Unlike conventional oil plays, shale oil has cooked for a much longer time, forming a light crude that has a naturally higher percentage of dissolved gas than heavy crude, he explained. And unlike liquids that can be transported by any number of means from trucks to pipelines, gas separated at the wellhead has to be gathered using highquality pipe that can withstand higher pressures than liquids require.
“It can be commercially prohibitive to collect the small amount of gas you’re producing at each of those wellheads, gather it and send it to pipelines so people might use it,” Krishnamoorti said. “So you’re left with two options: release it into the air or combust it as CO2, which is less environmentally damaging.”
And when deciding which oil wells to shut in, gas hardly makes the list, he said. “If I have a prolific well with a decline curve on the better side than average then I am going to continue to produce that one.”
So it’s not surprising an enormous amount of Permian gas is going up in smoke or simply being vented at well pads across West Texas as much as 974 MMcf/d at its height, according to researchers at the University of Houston.
Based on data gleaned from the Texas Railroad Commission (RRC) as well as drones in the field, those researchers estimated flared and vented gas averaged 812 MMcf/d in 2019, which is considerably higher than the official RRC estimate of around 424 MMcf/d.
Flaring did begin to decline in January and February and plunged 25% in March from December levels as the oil price rout took hold, Krishnamoorti said. And R&A data show a dramatic plunge in April might have taken flaring well under 300 MMcf/d.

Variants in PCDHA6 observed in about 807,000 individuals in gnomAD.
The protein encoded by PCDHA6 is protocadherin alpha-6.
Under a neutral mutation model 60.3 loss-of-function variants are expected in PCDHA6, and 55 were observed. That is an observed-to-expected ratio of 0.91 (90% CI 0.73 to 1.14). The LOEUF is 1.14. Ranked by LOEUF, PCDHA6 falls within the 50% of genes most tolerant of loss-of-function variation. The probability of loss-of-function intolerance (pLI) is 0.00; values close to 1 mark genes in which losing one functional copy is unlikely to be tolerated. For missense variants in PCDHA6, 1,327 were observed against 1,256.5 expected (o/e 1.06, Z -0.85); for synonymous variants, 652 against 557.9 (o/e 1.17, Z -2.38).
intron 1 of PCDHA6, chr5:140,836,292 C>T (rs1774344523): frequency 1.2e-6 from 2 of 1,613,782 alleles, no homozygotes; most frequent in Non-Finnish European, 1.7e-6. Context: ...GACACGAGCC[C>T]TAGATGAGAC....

Waha Gas Price Is Key
It’s not clear just how much overall flaring has declined, but it’s substantial, Matthew Lewis, a senior director at East Daley Capital, told Energy Intelligence. The biggest telltale is the Waha Hub’s narrowing price basis with the Henry Hub.”
“Unfortunately, we can’t see exactly how much less gas is being flared, but given that in the middle of spring, when you would expect basis to be the weakest at Waha, we’re seeing the strongest print probably in the last 18 months,” Lewis said. “So I can tell you almost certainly that we’ve seen a huge reduction in associated gas coming from the shut-ins because the prices tell me that is happening.”
There are two categories of flared gas, however. Some wells are simply not hooked to the gas grid, so flaring will continue for now regardless. Then there’s gas that is connected to the grid but is flared because the pipes are constrained or the price at Waha is too low. That’s the flaring that will go away first.
“Any Permian producer who’s now staring at the $1.50/MMBtu that they can now get for their gas at Waha, most who have the choice will make the decision to not flare their gas,” Lewis said.
A rising forward curve at Waha is bolstering market confidence “that you are not going to spend a lot of money to connect into a gathering system just to get zero dollars at Waha,” Lewis said, adding that a $2 price on the forward curve “certainly could incentivize some of these guys to connect into a gathering system.”
In other words, the best way to stop flaring in the Permian is to make it economic to capture the gas, Lewis said, which can be accomplished through a combination of oil well shutins and the construction of ample gas takeaway capacity (NGW Apr.27’20).
“Are you completely in the clear as far as pipeline egress is concerned? No, but I would not expect unless oil prices
rebound significantly to see the kind of basis pressure that we’ve seen the last 18 months at Waha,” he said. “So I think there will be a substantial improvement in the flaring numbers over the next few months.”